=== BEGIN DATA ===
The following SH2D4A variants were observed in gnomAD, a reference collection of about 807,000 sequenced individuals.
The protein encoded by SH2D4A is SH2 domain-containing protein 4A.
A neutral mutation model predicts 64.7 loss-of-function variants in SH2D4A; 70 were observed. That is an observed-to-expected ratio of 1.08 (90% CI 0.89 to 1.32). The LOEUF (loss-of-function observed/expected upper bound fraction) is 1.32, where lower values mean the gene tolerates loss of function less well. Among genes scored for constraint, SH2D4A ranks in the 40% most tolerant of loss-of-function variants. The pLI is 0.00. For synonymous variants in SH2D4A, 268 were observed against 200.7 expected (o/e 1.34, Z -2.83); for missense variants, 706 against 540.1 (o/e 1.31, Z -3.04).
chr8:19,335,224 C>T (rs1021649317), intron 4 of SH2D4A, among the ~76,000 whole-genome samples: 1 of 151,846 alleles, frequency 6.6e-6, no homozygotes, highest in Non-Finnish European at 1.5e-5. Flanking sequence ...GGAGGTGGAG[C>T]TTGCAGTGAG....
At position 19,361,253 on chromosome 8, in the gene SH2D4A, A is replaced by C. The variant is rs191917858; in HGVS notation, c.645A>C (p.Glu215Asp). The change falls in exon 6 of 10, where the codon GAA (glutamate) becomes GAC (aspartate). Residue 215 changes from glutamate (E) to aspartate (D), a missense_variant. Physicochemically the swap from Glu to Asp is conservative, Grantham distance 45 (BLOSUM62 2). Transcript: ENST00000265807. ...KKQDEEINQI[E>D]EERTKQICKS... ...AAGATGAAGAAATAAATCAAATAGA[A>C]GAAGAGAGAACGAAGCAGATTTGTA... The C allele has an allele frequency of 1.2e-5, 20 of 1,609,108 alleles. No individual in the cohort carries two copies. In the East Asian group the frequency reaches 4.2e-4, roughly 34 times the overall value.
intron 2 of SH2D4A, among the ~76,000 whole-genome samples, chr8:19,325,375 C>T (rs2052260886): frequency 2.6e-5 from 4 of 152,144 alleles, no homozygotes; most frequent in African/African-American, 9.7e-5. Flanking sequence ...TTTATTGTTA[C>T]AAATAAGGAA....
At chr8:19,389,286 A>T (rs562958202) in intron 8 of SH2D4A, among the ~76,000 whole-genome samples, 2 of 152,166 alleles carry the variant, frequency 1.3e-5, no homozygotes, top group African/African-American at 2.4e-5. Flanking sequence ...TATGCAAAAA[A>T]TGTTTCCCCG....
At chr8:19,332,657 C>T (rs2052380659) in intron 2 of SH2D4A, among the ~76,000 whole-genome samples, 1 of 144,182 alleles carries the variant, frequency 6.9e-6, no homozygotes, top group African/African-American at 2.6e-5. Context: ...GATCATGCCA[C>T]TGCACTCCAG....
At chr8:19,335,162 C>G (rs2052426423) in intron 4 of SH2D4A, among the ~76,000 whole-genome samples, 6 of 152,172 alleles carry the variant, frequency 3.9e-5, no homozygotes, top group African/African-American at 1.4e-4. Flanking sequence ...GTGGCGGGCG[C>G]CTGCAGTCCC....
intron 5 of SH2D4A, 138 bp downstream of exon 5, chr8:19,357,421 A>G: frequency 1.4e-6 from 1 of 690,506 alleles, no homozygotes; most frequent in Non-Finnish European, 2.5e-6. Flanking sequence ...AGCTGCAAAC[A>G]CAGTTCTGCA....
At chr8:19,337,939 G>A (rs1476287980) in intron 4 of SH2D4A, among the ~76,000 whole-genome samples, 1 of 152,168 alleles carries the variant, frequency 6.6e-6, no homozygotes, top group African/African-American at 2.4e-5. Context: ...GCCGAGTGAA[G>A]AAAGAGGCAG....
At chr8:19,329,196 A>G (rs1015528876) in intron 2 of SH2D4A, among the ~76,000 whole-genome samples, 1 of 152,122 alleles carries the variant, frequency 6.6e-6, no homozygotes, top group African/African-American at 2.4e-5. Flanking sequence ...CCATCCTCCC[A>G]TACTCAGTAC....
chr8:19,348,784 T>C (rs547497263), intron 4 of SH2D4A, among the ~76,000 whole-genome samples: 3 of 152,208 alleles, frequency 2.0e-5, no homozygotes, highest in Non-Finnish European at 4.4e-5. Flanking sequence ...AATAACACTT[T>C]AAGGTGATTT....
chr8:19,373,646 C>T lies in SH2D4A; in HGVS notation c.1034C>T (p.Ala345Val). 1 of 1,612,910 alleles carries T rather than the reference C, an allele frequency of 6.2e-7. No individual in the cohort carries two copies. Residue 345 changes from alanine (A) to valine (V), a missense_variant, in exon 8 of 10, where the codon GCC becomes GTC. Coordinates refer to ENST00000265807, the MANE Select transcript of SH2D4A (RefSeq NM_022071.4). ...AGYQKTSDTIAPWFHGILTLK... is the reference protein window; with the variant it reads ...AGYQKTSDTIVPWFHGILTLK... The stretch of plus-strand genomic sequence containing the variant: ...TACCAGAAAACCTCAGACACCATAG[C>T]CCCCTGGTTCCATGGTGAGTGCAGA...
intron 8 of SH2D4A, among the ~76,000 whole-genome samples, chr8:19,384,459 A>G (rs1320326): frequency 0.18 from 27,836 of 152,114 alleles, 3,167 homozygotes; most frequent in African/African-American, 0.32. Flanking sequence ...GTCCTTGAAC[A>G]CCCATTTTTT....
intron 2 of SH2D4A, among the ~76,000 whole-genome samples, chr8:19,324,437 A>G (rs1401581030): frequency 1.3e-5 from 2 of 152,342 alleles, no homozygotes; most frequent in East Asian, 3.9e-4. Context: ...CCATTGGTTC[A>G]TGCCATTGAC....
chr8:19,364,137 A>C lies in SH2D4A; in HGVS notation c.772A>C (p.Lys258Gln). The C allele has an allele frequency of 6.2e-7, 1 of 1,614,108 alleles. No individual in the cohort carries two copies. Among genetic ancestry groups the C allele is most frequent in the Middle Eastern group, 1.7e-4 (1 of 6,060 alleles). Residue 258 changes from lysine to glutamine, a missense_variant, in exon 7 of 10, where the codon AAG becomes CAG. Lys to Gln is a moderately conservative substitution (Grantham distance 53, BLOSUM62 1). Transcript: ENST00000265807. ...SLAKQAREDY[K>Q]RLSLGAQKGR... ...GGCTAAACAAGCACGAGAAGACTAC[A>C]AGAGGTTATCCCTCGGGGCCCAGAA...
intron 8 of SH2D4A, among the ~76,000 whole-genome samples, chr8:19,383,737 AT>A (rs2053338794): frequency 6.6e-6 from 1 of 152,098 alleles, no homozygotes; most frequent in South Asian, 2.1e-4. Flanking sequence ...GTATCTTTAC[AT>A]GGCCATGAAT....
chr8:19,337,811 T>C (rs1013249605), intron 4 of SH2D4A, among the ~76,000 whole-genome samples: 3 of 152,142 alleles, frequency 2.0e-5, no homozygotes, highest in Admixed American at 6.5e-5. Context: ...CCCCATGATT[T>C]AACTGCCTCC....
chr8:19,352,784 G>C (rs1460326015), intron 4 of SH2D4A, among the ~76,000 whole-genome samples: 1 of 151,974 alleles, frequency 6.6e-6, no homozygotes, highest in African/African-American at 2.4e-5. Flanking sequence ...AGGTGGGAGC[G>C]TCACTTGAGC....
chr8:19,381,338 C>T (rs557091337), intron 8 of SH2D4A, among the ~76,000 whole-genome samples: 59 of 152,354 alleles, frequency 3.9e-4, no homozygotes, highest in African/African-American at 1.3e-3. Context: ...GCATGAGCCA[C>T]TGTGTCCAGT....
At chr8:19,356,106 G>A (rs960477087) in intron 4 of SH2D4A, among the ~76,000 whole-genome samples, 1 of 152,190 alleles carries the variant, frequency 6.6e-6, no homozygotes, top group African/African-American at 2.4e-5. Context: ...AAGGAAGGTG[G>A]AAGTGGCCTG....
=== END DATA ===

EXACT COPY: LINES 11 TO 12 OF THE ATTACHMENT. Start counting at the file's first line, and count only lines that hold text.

At chr8:19,337,939 G>A (rs1476287980) in intron 4 of SH2D4A, among the ~76,000 whole-genome samples, 1 of 152,168 alleles carries the variant, frequency 6.6e-6, no homozygotes, top group African/African-American at 2.4e-5. Context: ...GCCGAGTGAA[G>A]AAAGAGGCAG....
At chr8:19,329,196 A>G (rs1015528876) in intron 2 of SH2D4A, among the ~76,000 whole-genome samples, 1 of 152,122 alleles carries the variant, frequency 6.6e-6, no homozygotes, top group African/African-American at 2.4e-5. Flanking sequence ...CCATCCTCCC[A>G]TACTCAGTAC....